Ultimately, to secure the freedom to marry for same-sex couples nationwide, intervention by federal courts is necessary. But if our pleas are to be successfully heard by sympathetic judges, we must expand the patchwork of states recognizing same-sex marriage to the greatest degree possible.
The most basic act of voter education and persuasion as the anti-gay-marriage amendment approaches in Minnesota is to walk around in a T-shirt that says, "Vote No: Don't Limit the Freedom to Marry." Here are 10 pointers on how this shirt can have the greatest effect on voters.
When I break the news to people that, should Minnesota be the first state ever to defeat a constitutional amendment defining marriage as existing only between a man and a woman, marriage between two people of the same gender will still be completely illegal in Minnesota, they get confused.
I've agreed to be the "Vote No: Don't Limit the Freedom to Marry" yard sign distributor for my neighborhood. I'm doing this because it makes me feel safer to see the signs when I'm driving around. It helps me know where allies live, close by. It helps me remember that I'm not alone.
Right now in Minnesota, it's all about the State Fair! The first building my friend and I just had to rush into was the horticulture building. Who knew Seed Art would feature so many people opposing the proposed constitutional amendment that would ban same-sex marriage in Minnesota?
I'm old. This hurts me, but it doesn't surprise me. I'll move on. But I have a 16-year-old kid who is giving her entire summer to fight this thing because she is so upset about what it will mean for her state's constitution to proclaim baldly that her family is not a family.
Minnesota's marriage amendment is very personal for me. My husband and I have rejoiced as our three oldest children have found love and married wonderful people. We want that same opportunity for our youngest son, Jacob, when he finds the man he wants by his side all his life.
There was a feeling of safety in Iowa that does not exist in Minnesota. In Iowa I didn't feel as if part of me was gearing up for an attack on my humanity, always watching for the dangers that accompany that.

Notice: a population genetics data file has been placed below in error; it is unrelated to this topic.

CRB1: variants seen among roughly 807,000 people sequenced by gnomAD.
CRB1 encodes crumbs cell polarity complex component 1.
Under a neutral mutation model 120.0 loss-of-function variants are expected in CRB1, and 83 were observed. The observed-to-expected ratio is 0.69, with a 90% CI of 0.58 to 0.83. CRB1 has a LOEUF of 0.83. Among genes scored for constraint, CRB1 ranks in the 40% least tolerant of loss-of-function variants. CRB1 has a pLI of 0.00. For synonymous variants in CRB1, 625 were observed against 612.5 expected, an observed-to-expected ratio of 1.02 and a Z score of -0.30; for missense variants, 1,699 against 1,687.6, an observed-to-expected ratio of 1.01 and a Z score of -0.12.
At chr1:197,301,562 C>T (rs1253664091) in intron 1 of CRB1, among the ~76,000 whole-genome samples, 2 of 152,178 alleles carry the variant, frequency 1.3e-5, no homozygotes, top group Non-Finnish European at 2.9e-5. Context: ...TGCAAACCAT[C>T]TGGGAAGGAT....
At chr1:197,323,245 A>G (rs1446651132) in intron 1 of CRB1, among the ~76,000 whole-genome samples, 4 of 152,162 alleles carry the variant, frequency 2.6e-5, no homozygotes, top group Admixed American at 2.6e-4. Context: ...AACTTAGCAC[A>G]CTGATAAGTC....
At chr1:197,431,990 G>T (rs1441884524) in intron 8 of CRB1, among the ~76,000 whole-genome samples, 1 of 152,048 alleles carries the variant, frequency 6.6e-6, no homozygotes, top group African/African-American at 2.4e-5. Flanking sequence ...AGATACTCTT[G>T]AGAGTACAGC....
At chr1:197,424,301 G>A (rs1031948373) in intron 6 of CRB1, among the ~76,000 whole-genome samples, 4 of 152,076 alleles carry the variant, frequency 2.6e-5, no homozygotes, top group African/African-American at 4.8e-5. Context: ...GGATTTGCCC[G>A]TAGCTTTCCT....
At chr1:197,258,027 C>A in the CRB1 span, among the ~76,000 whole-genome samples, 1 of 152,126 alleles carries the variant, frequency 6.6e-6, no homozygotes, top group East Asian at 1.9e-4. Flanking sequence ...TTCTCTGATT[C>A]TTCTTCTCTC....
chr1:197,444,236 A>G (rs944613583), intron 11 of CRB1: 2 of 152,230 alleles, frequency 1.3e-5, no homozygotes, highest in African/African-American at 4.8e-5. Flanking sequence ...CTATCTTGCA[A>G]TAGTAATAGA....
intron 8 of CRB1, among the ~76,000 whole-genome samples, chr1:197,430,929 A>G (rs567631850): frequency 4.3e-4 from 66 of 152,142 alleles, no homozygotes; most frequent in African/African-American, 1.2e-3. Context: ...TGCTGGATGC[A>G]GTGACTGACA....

I can feel myself getting more brittle as this anti-gay ballot initiative heats up in Minnesota. I find myself wanting to blurt out to virtual strangers, "Can you even imagine what it would be like to have your family's mere existence up for a vote?"
If this hurtful constitutional amendment passes, marriage will be forever denied to Jacob in the state of Minnesota. My parents, Helen and Lloyd Klefstad, dearly loved their grandson Jacob. They would want Jacob to find love with another man and be married.
Esta Stecher had about 50 guests over Monday night at her Park Avenue apartment in New York City for a fundraiser on behalf of Minnesotans United for All Families. That's the broad coalition of 230 organizations and leaders fighting this fall's marriage amendment in Minnesota.
Right now about 41 percent of Minnesotans hope we become the first state to successfully oppose something like this. That means we need to change the hearts and minds of another 10 percent of the population. It's March, and I have eight more months of pretty good reasons to go.
Minnesotans will be voting in the fall of 2012 on whether to ban marriage for same-sex couples in our state Constitution. I will be voting "no" -- against the amendment -- and I urge my friends and all Minnesota voters to do the same.